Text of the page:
In support of his contention counsel has referred to the cases of Oscar Harris, Son Co. v. Vallarman Co.,1 and Tye v. Gwynne.2

The case of Oscar Harris, Son Co. v. Vallarman Co.,1 relates to a claim based on bills of exchange pure and simple without any reference to the terms of any contract the parties had entered into; and it was in respect of an inherent defect in machines supplied by the plaintiffs that the defence of failure of consideration was set up. In the case of Tye v. Gwynne2 it was held that in an action on a bill of exchange accepted for the price of goods purchased for exportation, the defendant cannot give evidence [p.404] that the goods were of a bad quality, and improperly packed, but is driven to his cross-action.

Clearly these cases are not relevant to the issues raised in this case and do not support the contention of the appellant. The former case relates to the issue of breach of warranty in the machines supplied and in the latter case the defendant could not avail himself of the plea of failure of consideration though he might avail himself of a cross-action.

Counsel for the appellant admits that in a transaction based on c.i.f. contract the property in the goods passes from the consignor to the consignee when the goods are put on board and the necessary documents are received by the consignee as in this case. We would further refer to the following statement made by the same counsel during the trial, thus:

"The orders my client placed are on c.i.f. basis which relate to exhibits A1-A42. We say that we have collected the goods upon exhibits A1-A42 but they were damaged and not marketable and therefore we are not liable for payment upon exhibits A1-A42 to the plaintiff which we have signed against exhibits B1-B42."

Upon these admissions it is obvious that the parties are bound by their contract for the supply of the goods and the defendant's liability must be ascertained from the nature of the contract which the parties entered into and that the resort to the bills of exchange as the media for settlement of the amount due under the contract cannot operate to deprive the plaintiffs of their rights thereunder.

There is evidence on record not disputed by the appellant that in respect of some of the goods he alleged had been damaged in transit he had successfully made claims against the insurance company although in respect of others his claim was unsuccessful because he was unable to prove that the goods were damaged in transit.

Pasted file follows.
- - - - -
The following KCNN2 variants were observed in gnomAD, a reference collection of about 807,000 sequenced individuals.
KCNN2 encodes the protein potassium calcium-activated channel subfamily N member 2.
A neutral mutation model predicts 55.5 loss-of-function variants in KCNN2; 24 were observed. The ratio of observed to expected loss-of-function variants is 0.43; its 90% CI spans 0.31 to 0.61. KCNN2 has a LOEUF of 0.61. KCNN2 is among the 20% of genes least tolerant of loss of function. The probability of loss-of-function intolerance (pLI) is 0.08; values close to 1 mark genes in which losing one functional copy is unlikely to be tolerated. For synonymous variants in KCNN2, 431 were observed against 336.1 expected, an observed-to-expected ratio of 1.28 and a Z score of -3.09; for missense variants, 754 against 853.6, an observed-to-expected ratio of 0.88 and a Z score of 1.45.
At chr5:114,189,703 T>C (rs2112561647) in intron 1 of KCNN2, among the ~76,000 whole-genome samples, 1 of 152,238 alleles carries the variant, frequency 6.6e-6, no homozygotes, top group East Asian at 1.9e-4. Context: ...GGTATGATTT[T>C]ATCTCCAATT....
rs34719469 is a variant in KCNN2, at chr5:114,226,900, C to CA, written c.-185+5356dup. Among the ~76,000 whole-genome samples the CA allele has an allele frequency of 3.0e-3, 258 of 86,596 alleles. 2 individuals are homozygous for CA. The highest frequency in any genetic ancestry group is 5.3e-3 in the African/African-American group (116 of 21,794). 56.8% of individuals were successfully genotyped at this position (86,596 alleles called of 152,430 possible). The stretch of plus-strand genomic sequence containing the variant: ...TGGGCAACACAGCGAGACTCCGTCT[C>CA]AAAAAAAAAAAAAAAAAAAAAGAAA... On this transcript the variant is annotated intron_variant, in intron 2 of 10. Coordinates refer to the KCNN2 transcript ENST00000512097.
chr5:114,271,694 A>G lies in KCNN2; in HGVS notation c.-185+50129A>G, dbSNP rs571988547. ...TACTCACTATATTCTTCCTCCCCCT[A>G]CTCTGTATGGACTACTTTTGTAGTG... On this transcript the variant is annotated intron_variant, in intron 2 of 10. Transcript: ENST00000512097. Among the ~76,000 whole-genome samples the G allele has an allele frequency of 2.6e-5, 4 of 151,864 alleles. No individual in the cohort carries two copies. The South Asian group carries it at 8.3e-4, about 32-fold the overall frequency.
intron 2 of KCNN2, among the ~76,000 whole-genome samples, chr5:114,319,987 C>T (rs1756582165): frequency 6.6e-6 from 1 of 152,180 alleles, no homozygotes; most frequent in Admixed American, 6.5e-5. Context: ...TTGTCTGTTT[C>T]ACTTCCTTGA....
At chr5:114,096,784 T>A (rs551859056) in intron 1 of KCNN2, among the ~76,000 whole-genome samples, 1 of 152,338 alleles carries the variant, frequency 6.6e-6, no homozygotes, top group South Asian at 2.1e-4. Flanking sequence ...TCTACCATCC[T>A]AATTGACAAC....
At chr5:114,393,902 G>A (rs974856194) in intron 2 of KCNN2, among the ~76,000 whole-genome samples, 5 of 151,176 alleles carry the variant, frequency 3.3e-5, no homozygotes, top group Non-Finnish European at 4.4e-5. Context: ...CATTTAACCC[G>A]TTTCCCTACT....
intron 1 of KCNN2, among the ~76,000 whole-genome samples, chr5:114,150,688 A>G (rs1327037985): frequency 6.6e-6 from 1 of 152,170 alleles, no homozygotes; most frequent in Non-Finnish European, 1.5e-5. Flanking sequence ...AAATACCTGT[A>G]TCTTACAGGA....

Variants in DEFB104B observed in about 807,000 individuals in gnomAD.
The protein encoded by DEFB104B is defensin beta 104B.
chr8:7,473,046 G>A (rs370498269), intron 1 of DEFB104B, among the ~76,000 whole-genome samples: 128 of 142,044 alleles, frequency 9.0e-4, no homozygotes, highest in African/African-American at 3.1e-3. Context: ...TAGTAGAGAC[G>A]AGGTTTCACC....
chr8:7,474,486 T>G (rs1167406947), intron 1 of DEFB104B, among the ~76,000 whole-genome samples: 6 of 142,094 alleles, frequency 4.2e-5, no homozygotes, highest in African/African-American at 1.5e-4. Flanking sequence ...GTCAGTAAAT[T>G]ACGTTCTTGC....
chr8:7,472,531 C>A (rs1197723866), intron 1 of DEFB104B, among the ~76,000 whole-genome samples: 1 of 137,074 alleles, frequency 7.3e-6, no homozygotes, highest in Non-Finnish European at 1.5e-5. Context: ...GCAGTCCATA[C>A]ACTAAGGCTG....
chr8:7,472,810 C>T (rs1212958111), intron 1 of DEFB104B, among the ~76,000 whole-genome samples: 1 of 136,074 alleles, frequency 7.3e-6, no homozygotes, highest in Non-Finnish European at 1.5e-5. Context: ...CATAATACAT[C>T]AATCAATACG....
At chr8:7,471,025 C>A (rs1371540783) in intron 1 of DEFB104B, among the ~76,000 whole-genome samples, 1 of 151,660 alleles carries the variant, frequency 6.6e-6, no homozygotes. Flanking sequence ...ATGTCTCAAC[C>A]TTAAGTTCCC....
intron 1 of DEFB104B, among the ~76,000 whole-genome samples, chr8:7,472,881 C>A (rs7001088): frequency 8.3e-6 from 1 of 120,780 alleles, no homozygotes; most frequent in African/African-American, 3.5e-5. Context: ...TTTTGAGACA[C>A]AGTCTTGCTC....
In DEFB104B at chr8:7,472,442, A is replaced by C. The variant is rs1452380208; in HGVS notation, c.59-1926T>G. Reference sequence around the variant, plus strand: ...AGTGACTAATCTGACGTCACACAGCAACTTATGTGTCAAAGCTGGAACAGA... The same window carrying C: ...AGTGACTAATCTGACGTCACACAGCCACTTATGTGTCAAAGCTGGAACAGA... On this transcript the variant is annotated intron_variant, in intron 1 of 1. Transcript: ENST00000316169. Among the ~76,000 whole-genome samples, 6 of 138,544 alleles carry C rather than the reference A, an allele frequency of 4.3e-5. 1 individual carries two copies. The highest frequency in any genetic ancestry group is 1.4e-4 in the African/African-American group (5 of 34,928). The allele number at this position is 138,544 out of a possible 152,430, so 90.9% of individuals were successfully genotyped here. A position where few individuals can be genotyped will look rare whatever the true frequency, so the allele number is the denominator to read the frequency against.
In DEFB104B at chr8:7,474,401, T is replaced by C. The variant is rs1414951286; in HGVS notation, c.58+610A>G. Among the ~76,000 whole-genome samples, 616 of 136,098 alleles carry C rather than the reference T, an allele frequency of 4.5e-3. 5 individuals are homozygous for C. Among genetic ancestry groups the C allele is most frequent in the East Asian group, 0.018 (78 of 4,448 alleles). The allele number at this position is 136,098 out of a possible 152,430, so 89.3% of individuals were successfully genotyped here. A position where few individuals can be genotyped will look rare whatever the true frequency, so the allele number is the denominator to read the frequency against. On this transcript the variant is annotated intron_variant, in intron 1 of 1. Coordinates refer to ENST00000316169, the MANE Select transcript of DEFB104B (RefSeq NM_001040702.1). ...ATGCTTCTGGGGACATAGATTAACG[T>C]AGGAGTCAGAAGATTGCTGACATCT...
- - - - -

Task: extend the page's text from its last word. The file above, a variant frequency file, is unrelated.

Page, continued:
In any event, this is clear evidence that the defendant is aware of his rights under the c.i.f. contract whereby the property in the goods passed from the consignor to the consignee when the goods were put on board and the necessary documents, i.e. bills of lading, invoice and insurance papers are received by the consignee. We are fortified in this view by his counsel's statement at the trial thus:

"This is not a case being tried by affidavits. The plaintiffs must prove their claim upon the writ of summons. The defence is that the transaction was based on costs insurance and freight. They insured the goods with the insurance company in the United States unknown to us and it is the custom for plaintiffs to claim upon the insurance company on our behalf."

The essential feature of a c.i.f. contract is that delivery is satisfied by delivery of documents and not by actual physical delivery of goods. As Lord Porter said in Comptoir D'Achat etc. v. Luis de Ridder Ltda. (The Julia).[p.405]

"The vital question...is whether buyers paid for the documents as representing the goods or for the delivery of the goods themselves.

In the same case Lord Simonds stated that the

"salient characteristic [of a c.i.f. contract] which alone is relevant, [is] that the property in the goods not only may but must pass by delivery of the documents against which payment is made."4

The whole question was considered at some length by the House of Lords in this case, and the view plainly expressed was that the criterion of a c.i.f. contract was that the buyer undertook to pay for and accept the documents as representing the goods rather than the goods themselves. On presentation of the shipping documents, if they are complete and regular, the buyer is bound to pay the price, irrespective of the arrival of the goods; but by paying he is not precluded from subsequently rejecting the goods or recovering damages for breach of the contract of sale if on examination the goods are found not to be in accordance with the contract. If the goods are lost in transit or arrive in a damaged condition the buyer ordinarily has his remedy under the policy of insurance or against the shipowner, under the contract contained in the bill of lading. Whether in any particular case such remedy is available to him depends upon the terms of the policy of insurance and the bill of lading.

We are clearly of the opinion that there is no merit in this appeal which is accordingly dismissed.

Decision

Appeal dismissed.

Plaintiff / Appellant

G. Koranteng-Addow f

Defendant / Respondent

H. V. A. Franklin

Referals

(1)  Oscar Harris, Son & Co. v. Vallarman & Co. [1940] 1 All E.R. 185, C.A. 

 (2)  Tye v. Gwynne (1810) 2 Camp. 345; 170 E.R. 1179

 (3) Comptoir D'Achat etc. v. Luis de Ridder Ltda. (The Julia) [1949] A.C. 293; [1949] L.J.R. 513; [1949] 1 All E.R. 269, H.L.